How Virtual Can Lead to Real Time

A concern expressed by museums for presenting collections online is that the practice will reduce museum attendance.  On the surface, this argument is rather self-serving and suggests an institution’s real purpose  is not their mission statement but to maximize real-time visits.  The Museums and Society 2034 report from the American Association of Museums noted that “According to research by the Institute for Museum and Library Services, 43% of museum visits in 2006 were remote, predominately via museum websites.”  Of course, the report predicted this trend will increase and argued that remote visits can serve as a vehicle to drive more people to visit real-time.

Less scientific, but rather instructive, during the last meeting of my Museum Practices class this semester, I asked “Does any student know of, heard about, or can you cite any instance where an individual did not visit a museum because they had experienced the collections online?  Have any of you canceled your trips to Amsterdam because the Google Art Project has placed so many of Van Gogh’s paintings online?”  Of course the answer was an emphatic NO to the latter question, and no one could point to an example of the former.  As a general statement, the strident position of seminar students five years ago in opposition to the concept of a virtual museum today is considerably more moderate.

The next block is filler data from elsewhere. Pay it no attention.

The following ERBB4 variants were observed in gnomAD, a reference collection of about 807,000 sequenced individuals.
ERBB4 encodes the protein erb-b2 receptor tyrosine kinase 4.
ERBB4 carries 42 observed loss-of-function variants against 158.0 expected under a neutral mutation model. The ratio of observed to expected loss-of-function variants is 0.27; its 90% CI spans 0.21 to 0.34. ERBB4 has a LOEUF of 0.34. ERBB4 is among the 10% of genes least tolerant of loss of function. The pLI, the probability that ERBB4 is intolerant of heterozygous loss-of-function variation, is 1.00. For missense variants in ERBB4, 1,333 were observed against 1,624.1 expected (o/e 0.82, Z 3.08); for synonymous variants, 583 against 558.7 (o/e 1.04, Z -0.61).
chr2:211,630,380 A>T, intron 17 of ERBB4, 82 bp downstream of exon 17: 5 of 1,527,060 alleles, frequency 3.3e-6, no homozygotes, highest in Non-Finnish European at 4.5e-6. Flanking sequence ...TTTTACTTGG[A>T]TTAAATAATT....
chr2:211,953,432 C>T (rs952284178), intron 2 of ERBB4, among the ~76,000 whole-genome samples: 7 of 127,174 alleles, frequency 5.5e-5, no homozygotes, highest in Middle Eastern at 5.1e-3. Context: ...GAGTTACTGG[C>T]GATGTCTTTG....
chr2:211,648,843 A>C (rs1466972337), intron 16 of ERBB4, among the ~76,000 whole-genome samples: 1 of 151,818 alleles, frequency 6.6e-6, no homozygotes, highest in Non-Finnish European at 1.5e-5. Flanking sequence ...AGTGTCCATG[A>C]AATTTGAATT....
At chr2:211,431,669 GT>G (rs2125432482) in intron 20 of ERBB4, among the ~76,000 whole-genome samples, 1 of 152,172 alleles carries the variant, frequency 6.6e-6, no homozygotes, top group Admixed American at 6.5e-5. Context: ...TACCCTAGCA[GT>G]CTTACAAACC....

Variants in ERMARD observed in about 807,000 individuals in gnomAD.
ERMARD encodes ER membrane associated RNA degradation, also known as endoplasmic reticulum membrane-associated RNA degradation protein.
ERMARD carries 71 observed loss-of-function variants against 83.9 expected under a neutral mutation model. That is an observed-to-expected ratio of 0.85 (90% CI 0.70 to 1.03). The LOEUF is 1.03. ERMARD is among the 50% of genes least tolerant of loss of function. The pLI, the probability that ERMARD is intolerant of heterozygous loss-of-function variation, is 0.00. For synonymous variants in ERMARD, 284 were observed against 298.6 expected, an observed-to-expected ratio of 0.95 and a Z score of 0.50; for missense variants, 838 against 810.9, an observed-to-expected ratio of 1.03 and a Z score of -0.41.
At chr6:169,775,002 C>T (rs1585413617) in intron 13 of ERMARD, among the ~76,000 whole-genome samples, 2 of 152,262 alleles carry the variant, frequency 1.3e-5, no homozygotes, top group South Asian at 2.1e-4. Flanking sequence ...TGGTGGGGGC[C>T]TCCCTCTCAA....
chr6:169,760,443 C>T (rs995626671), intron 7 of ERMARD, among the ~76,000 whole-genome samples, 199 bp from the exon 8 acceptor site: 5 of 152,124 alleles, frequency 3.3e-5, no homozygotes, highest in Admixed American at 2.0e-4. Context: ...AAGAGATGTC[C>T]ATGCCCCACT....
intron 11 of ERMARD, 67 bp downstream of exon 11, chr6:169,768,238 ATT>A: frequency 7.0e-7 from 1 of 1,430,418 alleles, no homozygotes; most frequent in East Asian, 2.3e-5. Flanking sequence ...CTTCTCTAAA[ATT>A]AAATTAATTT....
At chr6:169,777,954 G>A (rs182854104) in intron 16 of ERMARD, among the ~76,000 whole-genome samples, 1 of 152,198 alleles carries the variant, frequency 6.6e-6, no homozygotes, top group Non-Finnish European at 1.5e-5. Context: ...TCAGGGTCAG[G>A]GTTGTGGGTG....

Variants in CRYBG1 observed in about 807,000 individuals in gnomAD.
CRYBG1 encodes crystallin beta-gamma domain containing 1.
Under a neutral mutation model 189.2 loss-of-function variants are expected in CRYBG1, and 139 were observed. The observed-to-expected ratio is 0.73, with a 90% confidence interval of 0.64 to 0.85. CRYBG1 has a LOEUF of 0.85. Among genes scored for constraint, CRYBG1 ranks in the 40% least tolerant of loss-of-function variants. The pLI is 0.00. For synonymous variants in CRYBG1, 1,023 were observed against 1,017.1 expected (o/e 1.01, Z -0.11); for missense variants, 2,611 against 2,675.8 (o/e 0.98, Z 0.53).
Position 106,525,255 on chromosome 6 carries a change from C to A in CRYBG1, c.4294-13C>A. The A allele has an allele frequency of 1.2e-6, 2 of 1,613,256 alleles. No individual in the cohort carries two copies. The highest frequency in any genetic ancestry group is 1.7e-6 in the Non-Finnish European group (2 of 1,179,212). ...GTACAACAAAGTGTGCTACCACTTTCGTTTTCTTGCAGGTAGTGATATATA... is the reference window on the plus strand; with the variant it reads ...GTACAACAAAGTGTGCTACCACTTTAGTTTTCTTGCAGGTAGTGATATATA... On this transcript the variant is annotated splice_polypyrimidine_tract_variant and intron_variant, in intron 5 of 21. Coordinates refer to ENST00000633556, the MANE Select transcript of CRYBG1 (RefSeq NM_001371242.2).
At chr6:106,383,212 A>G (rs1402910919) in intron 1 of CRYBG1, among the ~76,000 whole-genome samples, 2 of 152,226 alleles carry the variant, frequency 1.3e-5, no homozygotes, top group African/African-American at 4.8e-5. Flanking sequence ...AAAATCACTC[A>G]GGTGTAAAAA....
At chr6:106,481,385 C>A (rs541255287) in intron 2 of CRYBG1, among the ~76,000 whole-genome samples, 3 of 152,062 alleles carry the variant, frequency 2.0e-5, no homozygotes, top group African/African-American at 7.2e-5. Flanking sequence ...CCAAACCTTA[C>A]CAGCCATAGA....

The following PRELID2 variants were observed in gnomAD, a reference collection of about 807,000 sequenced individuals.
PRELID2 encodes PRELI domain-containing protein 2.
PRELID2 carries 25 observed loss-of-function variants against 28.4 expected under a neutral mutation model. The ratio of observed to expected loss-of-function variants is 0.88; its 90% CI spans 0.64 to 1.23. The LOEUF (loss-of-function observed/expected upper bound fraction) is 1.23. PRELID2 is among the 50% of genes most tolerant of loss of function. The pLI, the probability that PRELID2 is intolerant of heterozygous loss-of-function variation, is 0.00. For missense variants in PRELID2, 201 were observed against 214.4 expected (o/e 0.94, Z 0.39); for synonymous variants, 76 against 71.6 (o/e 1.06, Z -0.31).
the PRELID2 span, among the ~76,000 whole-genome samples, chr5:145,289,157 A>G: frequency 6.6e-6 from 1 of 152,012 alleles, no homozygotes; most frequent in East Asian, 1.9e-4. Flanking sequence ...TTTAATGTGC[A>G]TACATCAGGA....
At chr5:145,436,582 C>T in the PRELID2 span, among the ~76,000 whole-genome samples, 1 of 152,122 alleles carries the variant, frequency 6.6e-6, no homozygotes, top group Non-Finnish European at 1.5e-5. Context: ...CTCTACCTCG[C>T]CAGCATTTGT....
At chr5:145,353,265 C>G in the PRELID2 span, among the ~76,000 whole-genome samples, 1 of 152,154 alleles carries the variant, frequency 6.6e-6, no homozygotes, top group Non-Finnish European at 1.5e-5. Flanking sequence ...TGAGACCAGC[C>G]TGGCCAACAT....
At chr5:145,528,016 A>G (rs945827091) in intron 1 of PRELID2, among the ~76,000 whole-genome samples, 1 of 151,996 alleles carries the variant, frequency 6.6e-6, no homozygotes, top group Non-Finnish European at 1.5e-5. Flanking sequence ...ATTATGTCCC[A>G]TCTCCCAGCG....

Archaeologists and other cultural heritage professionals are beginning to experiment with placing collections online.  Here are a couple of sites that took or today are taking the lead in this work:

In 1998 Carol McDavid created a groundbreaking website for archaeology at the Levi Jordan Plantation, the place where a “plantation was built in 1848 by Levi Jordan, his family, and the people who worked for them as slaves and, later, as tenant farmers and sharecroppers. This web site attempts to discuss the lives of ALL of these people, and covers a period from 1848 until about 1888-1890.”  Although rather crude by today’s standards, and in an exchange with Carol last year, she was somewhat surprised that the site was still live, the experiment provides a model for the future.  Scanning the Table of Contents for the website shows the considerable amount of information placed online.  Were one interested in cursory information or detailed scholarly research the Plantation website would be a first stop.